• 21st Century Plantagenets

    29th July 2015Places to VisitStephanie Donaldson

    grave garden at Plantagenet Plants

    Seventeen years ago a pair of BBC reporters, Bella and David Gordon, gave up their London life and moved to a small village in the Loire Valley where they established a specialist plant nursery growing the dry-garden plants that the French didn’t realise they needed until the serious droughts of 2003-2005. At that point the chateaux, communes and municipalities started to give up their thirsty annuals and turned to Plantagenet Plants for the perennials that would transform the public gardens, parks and even the roundabouts of France.

    resilient plants gravel bed at Plantagenet Plants Plantagenet Plants perennials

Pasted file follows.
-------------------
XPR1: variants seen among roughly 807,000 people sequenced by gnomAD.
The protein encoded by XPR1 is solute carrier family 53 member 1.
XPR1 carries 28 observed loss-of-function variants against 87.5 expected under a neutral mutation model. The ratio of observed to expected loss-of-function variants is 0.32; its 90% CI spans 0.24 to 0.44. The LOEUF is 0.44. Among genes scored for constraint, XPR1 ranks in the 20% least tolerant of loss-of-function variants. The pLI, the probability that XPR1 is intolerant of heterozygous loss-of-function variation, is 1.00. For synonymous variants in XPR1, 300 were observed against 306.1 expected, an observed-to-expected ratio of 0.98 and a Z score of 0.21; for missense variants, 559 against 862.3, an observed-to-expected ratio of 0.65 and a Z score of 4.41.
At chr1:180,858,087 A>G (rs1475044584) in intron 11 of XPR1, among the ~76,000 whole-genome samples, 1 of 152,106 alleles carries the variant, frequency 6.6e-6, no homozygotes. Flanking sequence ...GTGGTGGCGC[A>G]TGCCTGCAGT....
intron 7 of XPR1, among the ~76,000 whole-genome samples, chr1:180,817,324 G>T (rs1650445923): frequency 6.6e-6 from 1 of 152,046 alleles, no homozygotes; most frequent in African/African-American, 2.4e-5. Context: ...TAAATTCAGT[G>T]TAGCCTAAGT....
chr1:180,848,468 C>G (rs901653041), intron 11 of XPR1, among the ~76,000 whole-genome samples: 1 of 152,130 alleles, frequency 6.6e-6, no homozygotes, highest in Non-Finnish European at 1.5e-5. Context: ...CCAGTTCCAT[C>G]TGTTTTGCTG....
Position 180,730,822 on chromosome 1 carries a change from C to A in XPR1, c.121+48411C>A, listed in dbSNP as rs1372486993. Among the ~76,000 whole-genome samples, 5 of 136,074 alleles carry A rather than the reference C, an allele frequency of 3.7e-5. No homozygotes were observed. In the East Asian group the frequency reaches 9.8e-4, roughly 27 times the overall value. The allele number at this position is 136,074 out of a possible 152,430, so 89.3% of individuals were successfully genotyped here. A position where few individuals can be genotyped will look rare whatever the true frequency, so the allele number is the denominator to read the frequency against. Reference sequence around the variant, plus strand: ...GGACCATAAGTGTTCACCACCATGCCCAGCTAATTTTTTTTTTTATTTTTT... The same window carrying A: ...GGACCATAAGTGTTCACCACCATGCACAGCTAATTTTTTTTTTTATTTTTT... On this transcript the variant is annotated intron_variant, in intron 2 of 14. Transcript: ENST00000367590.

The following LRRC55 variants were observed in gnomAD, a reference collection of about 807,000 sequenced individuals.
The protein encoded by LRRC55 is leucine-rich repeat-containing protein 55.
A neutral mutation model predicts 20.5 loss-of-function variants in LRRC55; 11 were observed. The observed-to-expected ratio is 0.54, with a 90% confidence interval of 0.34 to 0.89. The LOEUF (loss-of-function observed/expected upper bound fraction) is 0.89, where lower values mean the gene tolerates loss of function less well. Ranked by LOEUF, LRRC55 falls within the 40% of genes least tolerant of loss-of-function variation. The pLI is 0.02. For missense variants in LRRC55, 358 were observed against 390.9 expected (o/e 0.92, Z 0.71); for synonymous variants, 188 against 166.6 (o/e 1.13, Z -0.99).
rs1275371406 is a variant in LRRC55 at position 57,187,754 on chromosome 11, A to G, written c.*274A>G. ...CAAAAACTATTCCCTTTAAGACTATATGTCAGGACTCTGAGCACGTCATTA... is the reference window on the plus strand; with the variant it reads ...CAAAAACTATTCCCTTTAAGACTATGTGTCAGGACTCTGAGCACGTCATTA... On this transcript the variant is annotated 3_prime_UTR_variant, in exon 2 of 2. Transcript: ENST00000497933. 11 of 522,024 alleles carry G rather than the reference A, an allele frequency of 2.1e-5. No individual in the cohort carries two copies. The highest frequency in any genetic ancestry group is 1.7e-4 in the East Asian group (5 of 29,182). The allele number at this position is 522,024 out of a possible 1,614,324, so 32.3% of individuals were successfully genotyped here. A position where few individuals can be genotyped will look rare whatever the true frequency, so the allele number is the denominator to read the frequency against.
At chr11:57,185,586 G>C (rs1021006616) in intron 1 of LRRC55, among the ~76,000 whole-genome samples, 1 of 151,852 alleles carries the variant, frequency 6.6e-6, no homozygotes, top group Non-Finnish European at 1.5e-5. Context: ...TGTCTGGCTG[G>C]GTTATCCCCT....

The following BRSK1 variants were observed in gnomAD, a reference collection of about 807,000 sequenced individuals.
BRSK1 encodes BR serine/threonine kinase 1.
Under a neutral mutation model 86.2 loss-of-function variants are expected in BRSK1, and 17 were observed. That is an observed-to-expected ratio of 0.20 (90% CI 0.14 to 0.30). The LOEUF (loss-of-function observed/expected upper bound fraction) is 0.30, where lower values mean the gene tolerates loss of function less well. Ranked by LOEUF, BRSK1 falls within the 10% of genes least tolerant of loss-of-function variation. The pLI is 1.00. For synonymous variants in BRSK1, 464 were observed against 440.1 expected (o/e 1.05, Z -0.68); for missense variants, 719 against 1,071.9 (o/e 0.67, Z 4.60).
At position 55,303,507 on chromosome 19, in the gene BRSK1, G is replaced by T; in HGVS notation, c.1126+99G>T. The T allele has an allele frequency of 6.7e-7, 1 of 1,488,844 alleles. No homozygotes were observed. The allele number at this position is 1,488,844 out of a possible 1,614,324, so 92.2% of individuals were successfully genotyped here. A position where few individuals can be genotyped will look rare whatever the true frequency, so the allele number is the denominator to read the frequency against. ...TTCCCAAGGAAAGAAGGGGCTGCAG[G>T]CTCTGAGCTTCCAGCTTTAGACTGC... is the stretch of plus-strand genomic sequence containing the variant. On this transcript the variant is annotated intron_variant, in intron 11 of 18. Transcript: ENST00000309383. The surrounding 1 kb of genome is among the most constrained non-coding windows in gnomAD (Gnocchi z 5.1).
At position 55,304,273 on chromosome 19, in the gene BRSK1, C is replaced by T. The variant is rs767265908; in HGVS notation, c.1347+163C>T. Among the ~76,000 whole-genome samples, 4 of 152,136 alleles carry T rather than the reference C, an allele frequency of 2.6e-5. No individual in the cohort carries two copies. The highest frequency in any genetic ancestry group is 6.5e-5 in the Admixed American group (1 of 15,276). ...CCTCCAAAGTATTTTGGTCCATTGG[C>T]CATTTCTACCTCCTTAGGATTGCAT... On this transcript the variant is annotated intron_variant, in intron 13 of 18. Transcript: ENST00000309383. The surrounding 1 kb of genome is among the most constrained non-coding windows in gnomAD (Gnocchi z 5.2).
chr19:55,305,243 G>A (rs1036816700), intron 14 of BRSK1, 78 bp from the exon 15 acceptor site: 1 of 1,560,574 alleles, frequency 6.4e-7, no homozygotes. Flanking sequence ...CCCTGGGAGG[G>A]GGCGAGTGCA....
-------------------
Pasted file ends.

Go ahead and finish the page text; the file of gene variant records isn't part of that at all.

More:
Their own garden is the testing ground for many of the plants they sell. Nothing is pampered and each plant must prove itself resilient to the heat of summer and the cold of winter.

    echinacea purpurea lillies in flower at the chateau

    Today the wholesale nursery (not open to the public except for an open weekend at the end of September) supplies their plants to designers and communities throughout France producing 100,000 plants a year. Quite an operation for a couple who started with nothing more than some plants from their London garden. I will be telling the full story in the June 2016 issue of Country Living.